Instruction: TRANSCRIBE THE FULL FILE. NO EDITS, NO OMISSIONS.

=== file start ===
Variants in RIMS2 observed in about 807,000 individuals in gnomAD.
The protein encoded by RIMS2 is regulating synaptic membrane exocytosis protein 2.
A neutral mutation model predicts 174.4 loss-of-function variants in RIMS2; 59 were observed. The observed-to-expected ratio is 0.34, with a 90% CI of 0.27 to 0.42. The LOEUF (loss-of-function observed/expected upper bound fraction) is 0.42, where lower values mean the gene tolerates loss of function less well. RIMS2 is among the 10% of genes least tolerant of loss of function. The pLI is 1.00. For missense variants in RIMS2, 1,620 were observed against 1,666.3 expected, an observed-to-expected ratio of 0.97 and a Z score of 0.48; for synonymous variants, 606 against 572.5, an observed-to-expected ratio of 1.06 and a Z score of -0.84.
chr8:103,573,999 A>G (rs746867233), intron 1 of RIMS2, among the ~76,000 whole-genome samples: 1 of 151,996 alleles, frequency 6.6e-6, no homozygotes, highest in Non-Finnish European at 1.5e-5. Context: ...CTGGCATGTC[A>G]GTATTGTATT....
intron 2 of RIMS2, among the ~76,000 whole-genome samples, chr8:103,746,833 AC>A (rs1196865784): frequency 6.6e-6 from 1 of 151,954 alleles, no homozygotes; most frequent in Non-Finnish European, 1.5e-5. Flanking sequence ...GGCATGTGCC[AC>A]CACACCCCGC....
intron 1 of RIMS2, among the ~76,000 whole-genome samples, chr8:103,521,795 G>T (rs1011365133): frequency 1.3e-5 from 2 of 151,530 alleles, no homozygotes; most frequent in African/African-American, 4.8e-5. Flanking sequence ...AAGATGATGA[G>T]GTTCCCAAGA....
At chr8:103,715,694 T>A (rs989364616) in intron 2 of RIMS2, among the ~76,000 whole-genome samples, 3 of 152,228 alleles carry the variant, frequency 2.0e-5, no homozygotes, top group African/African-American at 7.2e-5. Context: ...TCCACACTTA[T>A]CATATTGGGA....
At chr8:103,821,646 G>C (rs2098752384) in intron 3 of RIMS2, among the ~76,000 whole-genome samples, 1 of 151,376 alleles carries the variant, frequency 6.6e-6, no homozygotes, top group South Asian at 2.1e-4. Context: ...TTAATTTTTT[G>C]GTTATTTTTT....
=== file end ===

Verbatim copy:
Variants in RIMS2 observed in about 807,000 individuals in gnomAD.
The protein encoded by RIMS2 is regulating synaptic membrane exocytosis protein 2.
A neutral mutation model predicts 174.4 loss-of-function variants in RIMS2; 59 were observed. The observed-to-expected ratio is 0.34, with a 90% CI of 0.27 to 0.42. The LOEUF (loss-of-function observed/expected upper bound fraction) is 0.42, where lower values mean the gene tolerates loss of function less well. RIMS2 is among the 10% of genes least tolerant of loss of function. The pLI is 1.00. For missense variants in RIMS2, 1,620 were observed against 1,666.3 expected, an observed-to-expected ratio of 0.97 and a Z score of 0.48; for synonymous variants, 606 against 572.5, an observed-to-expected ratio of 1.06 and a Z score of -0.84.
chr8:103,573,999 A>G (rs746867233), intron 1 of RIMS2, among the ~76,000 whole-genome samples: 1 of 151,996 alleles, frequency 6.6e-6, no homozygotes, highest in Non-Finnish European at 1.5e-5. Context: ...CTGGCATGTC[A>G]GTATTGTATT....
intron 2 of RIMS2, among the ~76,000 whole-genome samples, chr8:103,746,833 AC>A (rs1196865784): frequency 6.6e-6 from 1 of 151,954 alleles, no homozygotes; most frequent in Non-Finnish European, 1.5e-5. Flanking sequence ...GGCATGTGCC[AC>A]CACACCCCGC....
intron 1 of RIMS2, among the ~76,000 whole-genome samples, chr8:103,521,795 G>T (rs1011365133): frequency 1.3e-5 from 2 of 151,530 alleles, no homozygotes; most frequent in African/African-American, 4.8e-5. Flanking sequence ...AAGATGATGA[G>T]GTTCCCAAGA....
At chr8:103,715,694 T>A (rs989364616) in intron 2 of RIMS2, among the ~76,000 whole-genome samples, 3 of 152,228 alleles carry the variant, frequency 2.0e-5, no homozygotes, top group African/African-American at 7.2e-5. Context: ...TCCACACTTA[T>A]CATATTGGGA....
At chr8:103,821,646 G>C (rs2098752384) in intron 3 of RIMS2, among the ~76,000 whole-genome samples, 1 of 151,376 alleles carries the variant, frequency 6.6e-6, no homozygotes, top group South Asian at 2.1e-4. Context: ...TTAATTTTTT[G>C]GTTATTTTTT....